First of all, fuck you. Second of all, did it ever occur to anyone that sometimes people like horror movies because their life experiences look more like a horror movie than anything else? Maybe we need to see that people can fight evil. No one is saying everyone has to like horror,  or even understand it, but it would be nice if people didn't shit all over the only thing that has helped me through the darkest times in my life. Even before I had words to explain why, I loved seeing people fight monsters. It gave me hope that I could fight them, too.

When I was little I did that, I created worlds in my mind where people were strong and where people stood up against evil and won, because that's what I hoped would happen, that people would fight the evil and win. I had to believe there was a parting between me and the evil, that there could be a way out. I saw the evil, the bad things I could do, that we all could do, and it made me afraid, but I had to believe there was a possibility that I could do good too, or there was no hope, and I should give up now.

So when Elsa sang this,  I felt it in my heart:

The snow glows white on the mountain tonight
Not a footprint to be seen
A kingdom of isolation
And it looks like I'm the queen

The wind is howling like this swirling storm inside
Couldn't keep it in, heaven knows I've tried
Don't let them in, don't let them see
Be the good girl you always have to be
Conceal, don't feel, don't let them know
Well, now they know

Let it go, let it go
Can't hold it back anymore
Let it go, let it go
Turn away and slam the door
I don't care what they're going to say
Let the storm rage on
The cold never bothered me anyway

Let it go, let it go
Can't hold it back anymore
Let it go, let it go
Turn away and slam the door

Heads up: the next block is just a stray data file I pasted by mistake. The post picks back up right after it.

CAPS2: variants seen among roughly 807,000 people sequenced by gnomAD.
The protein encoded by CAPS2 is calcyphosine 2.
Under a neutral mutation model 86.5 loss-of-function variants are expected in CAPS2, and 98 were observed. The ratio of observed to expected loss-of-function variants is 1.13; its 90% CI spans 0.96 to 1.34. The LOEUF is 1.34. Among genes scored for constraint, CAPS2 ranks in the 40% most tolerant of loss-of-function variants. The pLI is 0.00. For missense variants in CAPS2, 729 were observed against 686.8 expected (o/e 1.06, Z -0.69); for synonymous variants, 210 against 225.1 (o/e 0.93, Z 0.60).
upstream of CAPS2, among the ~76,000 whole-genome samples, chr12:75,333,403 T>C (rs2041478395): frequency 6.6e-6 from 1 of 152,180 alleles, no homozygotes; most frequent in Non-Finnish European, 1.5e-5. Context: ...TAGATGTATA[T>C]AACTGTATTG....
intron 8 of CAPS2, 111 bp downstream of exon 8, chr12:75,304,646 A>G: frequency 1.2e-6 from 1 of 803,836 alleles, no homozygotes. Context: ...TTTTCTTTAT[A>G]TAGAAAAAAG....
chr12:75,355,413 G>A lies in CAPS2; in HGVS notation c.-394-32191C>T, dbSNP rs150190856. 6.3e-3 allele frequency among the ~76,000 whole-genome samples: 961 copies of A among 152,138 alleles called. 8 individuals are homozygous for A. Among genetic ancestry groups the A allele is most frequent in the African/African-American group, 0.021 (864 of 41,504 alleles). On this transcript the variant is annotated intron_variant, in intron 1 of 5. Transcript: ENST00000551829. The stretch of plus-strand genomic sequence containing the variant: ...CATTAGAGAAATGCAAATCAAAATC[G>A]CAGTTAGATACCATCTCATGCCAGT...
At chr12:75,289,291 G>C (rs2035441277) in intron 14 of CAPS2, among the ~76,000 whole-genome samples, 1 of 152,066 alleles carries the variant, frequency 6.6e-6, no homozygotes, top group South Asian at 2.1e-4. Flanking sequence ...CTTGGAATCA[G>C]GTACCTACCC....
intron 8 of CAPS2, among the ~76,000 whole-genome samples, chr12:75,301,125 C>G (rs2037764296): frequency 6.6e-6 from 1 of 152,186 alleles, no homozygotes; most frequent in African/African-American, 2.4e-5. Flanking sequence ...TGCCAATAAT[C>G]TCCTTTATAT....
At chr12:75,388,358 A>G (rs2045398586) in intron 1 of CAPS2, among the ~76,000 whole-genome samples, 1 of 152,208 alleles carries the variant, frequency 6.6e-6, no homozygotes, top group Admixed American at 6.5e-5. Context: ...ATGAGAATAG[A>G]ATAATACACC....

Let it go (go, go, go go, go go, go go, go, go, go go)

Let it go

Let it go

Let it go

It's funny how some distance makes everything seem small
And the fears that once controlled me can't get to me at all
It's time to see what I can do
To test the limits and break through
No right, no wrong, no rules for me
I'm free

Let it go, let it go
I am one with the wind and sky
Let it go, let it go
You'll never see me cry
Here I stand and here I stay
Let the storm rage on

My power flurries through the air into the ground
My soul is spiraling in frozen fractals all around
And one thought crystallizes like an icy blast
I'm never going back, the past is in the past

Let it go
The cold never bothered me anyway
Let it go, let it go
And I'll rise like the break of dawn
Let it go, let it go
That perfect girl is gone
Here I stand in the light of day
Let the storm rage on

The cold never bothered me anyway...

Girl, tell me about it! I got so used to the cold at some point that I'm sure these could have been my words. And those who should nurture and protect me had gotten so used to the cold that they saw nothing wrong with providing me gear to survive the cold instead of trying to make it warmer...

See, in therapy we hear the warnings about this. Trying to learn to like the cold instead of trying to warm things up.  See. The abused people try to learn to like the cold as it is, instead of trying to make it be warmer. We try to learn to adapt to the cold around us instead of trying to change it. It's a whole big thing, learning to identify in our lives things that need to change instead of letting them stay awful and being stuck in our past patterns of abuse and horror. So anyway, I've heard this song before, how I should learn to use who I am to get me through the bad, instead of letting who I am make me stronger and protect me for whatever is to come to change the bad and make it better.

It's scary, leaping into the unknown and trusting that who you are will guide you through, no matter what happens.